Starting at the age of 11, the artist began drawing, eventually leading her to discover kids’ face paint at a local YMCA event. “There was a woman there, and she asked me to paint her stomach for a maternity shoot. The following week I did it, and I [thought] ‘Wow, I’m good at this,’ I never knew I could paint.” While her favorite medium is pencil to paper, Negrón also creates illusions with the stroke of her brush, blending the human body into colorful backgrounds.
Negrón paints the nude human body. In an array of colors, the artist strategically paints her muse against different backdrops–some of the backdrops are solid colors, and some highlight the work of other artists. Each person and piece of body art stands out and makes a bold conversation piece. “I’m painting nude bodies so that people are okay with being naked. Don’t be ashamed to take your shirt off in front of another woman or man. Don’t be scared, like that’s you, that’s your skin, you were born into that,” Negrón says. Through her art, she is not only imitating life, but making a political statement.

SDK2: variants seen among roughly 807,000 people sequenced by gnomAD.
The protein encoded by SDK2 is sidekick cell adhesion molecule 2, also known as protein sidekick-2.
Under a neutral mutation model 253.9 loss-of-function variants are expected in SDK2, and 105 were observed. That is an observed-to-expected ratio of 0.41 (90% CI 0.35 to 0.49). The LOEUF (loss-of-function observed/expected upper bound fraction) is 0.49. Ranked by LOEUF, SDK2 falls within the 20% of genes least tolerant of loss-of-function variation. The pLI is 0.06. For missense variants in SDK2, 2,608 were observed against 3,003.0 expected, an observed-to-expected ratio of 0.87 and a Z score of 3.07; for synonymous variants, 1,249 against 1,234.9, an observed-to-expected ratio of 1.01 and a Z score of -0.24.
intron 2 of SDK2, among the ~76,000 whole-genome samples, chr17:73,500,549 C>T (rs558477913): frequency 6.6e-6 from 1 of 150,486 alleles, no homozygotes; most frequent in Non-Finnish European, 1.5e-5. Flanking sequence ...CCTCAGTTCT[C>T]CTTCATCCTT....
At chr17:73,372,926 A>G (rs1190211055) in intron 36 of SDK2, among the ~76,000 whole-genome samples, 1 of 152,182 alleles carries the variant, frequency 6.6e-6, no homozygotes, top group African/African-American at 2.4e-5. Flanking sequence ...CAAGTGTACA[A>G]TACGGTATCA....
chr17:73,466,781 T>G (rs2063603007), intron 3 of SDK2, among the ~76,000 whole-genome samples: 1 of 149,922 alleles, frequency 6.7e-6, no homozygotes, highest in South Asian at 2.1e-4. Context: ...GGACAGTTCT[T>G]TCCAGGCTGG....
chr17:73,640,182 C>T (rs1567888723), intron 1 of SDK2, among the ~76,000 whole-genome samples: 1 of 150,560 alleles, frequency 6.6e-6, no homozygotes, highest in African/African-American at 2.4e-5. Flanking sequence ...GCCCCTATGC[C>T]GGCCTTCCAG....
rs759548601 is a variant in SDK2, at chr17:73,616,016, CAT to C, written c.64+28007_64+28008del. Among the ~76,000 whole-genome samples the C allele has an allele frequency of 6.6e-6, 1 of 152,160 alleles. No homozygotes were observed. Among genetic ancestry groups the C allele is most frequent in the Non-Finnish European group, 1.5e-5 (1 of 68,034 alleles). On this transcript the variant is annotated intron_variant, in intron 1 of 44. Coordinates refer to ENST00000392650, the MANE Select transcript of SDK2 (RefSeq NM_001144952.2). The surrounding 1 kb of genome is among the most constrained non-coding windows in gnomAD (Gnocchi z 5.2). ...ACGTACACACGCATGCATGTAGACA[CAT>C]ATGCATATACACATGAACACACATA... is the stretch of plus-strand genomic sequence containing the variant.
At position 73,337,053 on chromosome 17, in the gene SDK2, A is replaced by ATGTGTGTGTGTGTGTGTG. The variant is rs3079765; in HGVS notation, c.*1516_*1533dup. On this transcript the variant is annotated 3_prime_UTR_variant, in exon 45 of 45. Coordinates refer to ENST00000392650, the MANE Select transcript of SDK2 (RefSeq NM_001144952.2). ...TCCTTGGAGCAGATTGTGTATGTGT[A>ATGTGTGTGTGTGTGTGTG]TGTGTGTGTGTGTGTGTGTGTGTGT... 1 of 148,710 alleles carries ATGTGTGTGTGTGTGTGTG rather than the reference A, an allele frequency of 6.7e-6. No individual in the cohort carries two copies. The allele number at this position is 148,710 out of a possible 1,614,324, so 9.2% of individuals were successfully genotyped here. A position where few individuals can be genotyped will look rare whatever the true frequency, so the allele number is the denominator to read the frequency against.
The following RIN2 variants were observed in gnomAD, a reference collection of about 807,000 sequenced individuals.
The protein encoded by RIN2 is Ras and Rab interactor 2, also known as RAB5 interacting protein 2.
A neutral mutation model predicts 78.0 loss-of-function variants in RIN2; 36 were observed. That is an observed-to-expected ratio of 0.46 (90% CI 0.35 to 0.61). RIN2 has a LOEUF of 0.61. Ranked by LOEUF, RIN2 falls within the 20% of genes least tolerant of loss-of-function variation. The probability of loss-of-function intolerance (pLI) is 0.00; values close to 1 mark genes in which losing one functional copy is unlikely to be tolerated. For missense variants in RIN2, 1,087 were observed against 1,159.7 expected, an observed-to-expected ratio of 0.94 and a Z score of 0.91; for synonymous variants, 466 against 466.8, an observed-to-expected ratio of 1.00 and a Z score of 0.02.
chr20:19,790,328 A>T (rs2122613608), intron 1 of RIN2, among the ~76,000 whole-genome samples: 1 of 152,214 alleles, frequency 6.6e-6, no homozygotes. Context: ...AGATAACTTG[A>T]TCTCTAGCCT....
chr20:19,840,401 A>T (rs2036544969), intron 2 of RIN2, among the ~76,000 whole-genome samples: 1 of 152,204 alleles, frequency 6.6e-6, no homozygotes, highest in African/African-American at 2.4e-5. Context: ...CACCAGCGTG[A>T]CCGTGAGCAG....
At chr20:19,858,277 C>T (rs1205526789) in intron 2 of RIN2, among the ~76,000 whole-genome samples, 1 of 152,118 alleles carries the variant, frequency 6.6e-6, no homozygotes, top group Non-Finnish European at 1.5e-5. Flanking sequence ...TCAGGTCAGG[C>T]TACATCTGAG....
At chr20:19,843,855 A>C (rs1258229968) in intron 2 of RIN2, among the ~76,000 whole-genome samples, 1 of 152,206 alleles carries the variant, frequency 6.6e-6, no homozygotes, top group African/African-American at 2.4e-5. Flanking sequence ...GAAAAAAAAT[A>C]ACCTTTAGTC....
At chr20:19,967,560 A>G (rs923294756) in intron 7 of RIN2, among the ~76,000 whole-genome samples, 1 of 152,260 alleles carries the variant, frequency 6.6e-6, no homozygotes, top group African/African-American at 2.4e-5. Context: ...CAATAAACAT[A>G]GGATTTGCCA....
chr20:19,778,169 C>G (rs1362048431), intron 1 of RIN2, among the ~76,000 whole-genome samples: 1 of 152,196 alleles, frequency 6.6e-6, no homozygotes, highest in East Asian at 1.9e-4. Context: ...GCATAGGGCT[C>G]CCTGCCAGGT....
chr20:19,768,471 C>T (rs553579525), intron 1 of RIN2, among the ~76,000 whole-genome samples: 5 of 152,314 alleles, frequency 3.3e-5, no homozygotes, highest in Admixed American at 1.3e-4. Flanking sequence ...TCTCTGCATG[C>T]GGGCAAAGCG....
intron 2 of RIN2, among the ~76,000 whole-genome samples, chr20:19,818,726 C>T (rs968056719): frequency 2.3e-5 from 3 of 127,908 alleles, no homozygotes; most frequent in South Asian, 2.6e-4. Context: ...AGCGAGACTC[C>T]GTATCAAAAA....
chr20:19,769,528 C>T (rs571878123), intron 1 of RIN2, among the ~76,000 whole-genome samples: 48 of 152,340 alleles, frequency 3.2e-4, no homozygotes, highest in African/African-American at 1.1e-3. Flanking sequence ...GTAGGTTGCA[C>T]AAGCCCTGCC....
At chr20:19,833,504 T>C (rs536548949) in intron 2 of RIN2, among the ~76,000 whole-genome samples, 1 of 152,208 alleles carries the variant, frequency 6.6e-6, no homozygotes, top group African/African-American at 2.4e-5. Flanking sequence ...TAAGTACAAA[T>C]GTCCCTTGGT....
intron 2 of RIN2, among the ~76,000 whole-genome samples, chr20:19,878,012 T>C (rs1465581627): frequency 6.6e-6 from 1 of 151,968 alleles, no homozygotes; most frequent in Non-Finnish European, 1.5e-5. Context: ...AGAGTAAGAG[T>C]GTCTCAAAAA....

When asked what influences her, the influencer says, “I feel like everybody influences me. When I paint, I paint a lot of women. I always paint women walking into a different dimension. I feel like I’m always painting other women, but, in the sense that it’s always me. It’s like it’s me putting myself into everybody else’s shoes. I understood this girl’s whole story in this way,” she continues, “People influence me, life and the situations that happen, real life shit influences me. I really appreciate life.”
Though Negrón has a tough exterior, her interior is anything but. She’s sensitive and intuitive, shedding tears when the topic of LGBTQ+ identity comes up. When it comes to identifying herself, the artist doesn’t believe in labels. She is who she is, her sexuality is fluid, and though society would deem her as non-binary, she doesn’t conform solely to one distinction or another. “I just kind of learned that I’m non-binary and an androgynous female, and I learned that because people were putting that label onto me. Why do we have to label ourselves LGBTQ+? Why do we have to have a coming out story? Why can’t we just be? My brother never came out and was like, ‘Yo Ma! I like girls!’ Like, why do I have to do that?” Negrón goes on to say, “I open minds up to the idea that you can just be yourself. You can be masculine and still like to do feminine things, or you could be masculine and a little feminine, or you could be super feminine and want to be treated in this masculine way, like, that’s totally okay.”